“It would be an honor,” Sister Rice said during the ride. “Good Lord, what would be better than to die in prison for the antinuclear cause?”…

Sister Rice, thin but seemingly healthy, was in high spirits and voluble as she talked about her religious order, her atomic radicalization, her life in prison and what may come next…

The pacifists belong to the Plowshares movement, a loose, mostly Christian group that seeks the global elimination of nuclear arms.

For now, at least, Sister Rice is a free woman.

Read the whole article. A tale of the kind of Catholic foot-soldier I occasionally shared a cell with back in the day.

I’m certain one or another of my kin who still are religious are Catholics like this. Or Congregationalists. Or Buddhists. Or non-religious like me, philosophical materialists, spinning the science-based reality dialectic. Before I left the Great Northeastern dynamo I could always find a couple of kindred spirits at annual get-togethers of my extended family. Philosophy didn’t matter as much as a quest for justice as strong as the quest for fire before we evolved into more sophisticated tool-makers.

It’s nice to see someone with liberal sensibilities and opposed to the insanity of nuclear weapons risk it all out of conscience. We have a president somewhere south of Megan Rice’s prison home who says he shares her ideals. Too bad he doesn’t match her courage.

Henry Kissinger — on the the Ukraine crisis

Public discussion on Ukraine is all about confrontation. But do we know where we are going? In my life, I have seen four wars begun with great enthusiasm and public support, all of which we did not know how to end and from three of which we withdrew unilaterally. The test of policy is how it ends, not how it begins.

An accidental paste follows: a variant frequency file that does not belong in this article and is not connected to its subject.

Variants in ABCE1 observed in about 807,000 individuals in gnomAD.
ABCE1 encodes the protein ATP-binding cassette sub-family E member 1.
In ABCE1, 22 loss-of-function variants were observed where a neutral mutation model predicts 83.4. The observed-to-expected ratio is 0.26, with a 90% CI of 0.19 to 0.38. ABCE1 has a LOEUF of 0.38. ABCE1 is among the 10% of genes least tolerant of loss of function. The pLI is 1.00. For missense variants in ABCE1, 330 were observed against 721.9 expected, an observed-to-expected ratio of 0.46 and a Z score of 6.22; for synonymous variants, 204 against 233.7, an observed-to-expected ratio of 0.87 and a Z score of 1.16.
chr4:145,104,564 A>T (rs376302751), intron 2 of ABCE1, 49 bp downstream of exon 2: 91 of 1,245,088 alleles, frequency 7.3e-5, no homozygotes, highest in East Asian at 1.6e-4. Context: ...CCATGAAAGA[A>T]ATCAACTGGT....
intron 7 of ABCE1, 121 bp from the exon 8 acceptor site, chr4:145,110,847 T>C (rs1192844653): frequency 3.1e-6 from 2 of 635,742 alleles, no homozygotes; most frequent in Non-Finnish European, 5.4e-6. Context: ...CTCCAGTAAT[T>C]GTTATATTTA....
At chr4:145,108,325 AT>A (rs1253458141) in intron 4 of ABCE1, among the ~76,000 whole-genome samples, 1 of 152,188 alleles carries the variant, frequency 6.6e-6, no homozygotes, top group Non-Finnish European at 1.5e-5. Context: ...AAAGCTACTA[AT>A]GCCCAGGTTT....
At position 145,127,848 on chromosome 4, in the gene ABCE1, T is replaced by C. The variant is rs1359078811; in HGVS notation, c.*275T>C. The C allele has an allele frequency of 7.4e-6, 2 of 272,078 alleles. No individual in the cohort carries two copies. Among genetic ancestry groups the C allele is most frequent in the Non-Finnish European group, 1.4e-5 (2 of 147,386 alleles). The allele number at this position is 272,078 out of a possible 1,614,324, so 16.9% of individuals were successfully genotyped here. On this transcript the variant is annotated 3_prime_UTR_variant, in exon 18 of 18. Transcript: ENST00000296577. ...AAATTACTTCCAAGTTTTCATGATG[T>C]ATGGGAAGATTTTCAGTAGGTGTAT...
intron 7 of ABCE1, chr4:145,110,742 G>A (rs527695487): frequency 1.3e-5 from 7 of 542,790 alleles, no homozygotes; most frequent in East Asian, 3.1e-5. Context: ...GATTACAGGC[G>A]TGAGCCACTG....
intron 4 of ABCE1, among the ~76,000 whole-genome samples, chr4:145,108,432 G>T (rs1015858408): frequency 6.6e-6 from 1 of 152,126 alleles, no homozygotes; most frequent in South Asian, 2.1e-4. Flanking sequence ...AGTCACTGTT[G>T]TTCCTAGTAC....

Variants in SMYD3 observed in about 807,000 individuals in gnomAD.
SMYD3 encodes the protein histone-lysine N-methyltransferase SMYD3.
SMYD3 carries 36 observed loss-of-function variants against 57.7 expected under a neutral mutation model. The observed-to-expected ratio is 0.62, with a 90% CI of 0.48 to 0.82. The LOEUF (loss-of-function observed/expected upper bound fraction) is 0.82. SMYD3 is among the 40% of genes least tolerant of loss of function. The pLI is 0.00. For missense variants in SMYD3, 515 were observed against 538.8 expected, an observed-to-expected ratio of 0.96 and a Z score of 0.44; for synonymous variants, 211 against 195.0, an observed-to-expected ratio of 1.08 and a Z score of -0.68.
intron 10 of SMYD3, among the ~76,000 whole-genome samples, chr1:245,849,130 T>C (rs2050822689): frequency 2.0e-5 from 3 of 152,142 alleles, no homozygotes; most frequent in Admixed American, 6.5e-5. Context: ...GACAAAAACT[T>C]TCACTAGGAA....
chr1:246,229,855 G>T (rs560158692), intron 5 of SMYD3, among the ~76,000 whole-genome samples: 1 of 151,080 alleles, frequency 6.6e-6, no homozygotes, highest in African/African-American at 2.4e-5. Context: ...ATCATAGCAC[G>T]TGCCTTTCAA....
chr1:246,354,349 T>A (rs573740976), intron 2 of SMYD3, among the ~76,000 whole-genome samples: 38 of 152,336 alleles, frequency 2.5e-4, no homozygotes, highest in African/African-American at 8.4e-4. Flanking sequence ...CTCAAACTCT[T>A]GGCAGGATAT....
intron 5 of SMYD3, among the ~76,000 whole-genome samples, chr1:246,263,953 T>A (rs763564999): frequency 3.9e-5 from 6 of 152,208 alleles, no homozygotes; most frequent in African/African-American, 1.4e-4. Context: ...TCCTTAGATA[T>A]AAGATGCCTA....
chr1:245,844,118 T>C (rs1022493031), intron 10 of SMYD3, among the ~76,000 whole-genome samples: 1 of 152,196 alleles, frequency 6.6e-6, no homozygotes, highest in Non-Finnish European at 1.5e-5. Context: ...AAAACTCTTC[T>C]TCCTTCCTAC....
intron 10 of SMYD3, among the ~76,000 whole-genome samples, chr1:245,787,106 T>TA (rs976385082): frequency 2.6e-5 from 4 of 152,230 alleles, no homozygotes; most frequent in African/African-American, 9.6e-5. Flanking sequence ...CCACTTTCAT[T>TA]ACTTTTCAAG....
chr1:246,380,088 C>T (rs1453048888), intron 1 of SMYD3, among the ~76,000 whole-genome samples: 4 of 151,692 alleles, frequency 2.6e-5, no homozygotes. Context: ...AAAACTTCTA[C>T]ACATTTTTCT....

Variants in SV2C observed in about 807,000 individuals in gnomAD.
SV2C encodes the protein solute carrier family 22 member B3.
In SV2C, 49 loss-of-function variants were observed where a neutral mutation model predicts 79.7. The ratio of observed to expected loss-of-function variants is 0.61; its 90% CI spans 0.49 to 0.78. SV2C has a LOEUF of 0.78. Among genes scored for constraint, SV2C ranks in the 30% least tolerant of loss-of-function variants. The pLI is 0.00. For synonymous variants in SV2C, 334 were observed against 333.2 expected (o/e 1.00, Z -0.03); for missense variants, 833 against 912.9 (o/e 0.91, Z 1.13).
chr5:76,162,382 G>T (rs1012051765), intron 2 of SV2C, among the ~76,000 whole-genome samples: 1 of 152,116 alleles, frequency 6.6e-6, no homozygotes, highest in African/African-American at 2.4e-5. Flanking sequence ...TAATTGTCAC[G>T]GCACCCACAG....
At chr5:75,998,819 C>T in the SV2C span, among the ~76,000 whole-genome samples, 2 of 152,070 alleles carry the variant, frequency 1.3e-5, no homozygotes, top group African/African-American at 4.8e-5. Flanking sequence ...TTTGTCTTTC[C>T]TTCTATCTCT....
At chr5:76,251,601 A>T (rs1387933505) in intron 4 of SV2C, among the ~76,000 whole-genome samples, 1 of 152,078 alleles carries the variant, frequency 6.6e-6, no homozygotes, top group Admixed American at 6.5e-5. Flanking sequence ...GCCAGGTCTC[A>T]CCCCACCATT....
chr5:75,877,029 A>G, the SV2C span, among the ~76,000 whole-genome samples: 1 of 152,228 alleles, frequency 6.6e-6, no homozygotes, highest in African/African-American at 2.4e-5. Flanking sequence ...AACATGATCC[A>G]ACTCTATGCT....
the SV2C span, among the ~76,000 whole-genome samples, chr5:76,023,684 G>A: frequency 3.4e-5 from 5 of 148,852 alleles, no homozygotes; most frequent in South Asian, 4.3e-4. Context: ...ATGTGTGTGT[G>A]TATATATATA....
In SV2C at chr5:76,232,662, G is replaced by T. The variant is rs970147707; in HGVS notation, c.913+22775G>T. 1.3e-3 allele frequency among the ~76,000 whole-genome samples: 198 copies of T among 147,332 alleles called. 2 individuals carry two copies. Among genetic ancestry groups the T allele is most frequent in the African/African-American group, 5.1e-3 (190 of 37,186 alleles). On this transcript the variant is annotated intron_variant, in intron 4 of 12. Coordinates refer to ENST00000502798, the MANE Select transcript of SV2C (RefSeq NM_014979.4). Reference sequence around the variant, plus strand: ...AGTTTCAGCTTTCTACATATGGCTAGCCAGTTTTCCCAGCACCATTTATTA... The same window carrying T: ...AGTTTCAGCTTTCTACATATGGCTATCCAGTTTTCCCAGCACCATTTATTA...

Far too often the Ukrainian issue is posed as a showdown: whether Ukraine joins the East or the West. But if Ukraine is to survive and thrive, it must not be either side’s outpost against the other — it should function as a bridge between them.

Russia must accept that to try to force Ukraine into a satellite status, and thereby move Russia’s borders again, would doom Moscow to repeat its history of self-fulfilling cycles of reciprocal pressures with Europe and the United States.

The West must understand that, to Russia, Ukraine can never be just a foreign country. Russian history began in what was called Kievan-Rus. The Russian religion spread from there. Ukraine has been part of Russia for centuries, and their histories were intertwined before then. Some of the most important battles for Russian freedom, starting with the Battle of Poltava in 1709 , were fought on Ukrainian soil. The Black Sea Fleet — Russia’s means of projecting power in the Mediterranean — is based by long-term lease in Sevastopol, in Crimea. Even such famed dissidents as Aleksandr Solzhenitsyn and Joseph Brodsky insisted that Ukraine was an integral part of Russian history and, indeed, of Russia.

The European Union must recognize that its bureaucratic dilatoriness and subordination of the strategic element to domestic politics in negotiating Ukraine’s relationship to Europe contributed to turning a negotiation into a crisis. Foreign policy is the art of establishing priorities.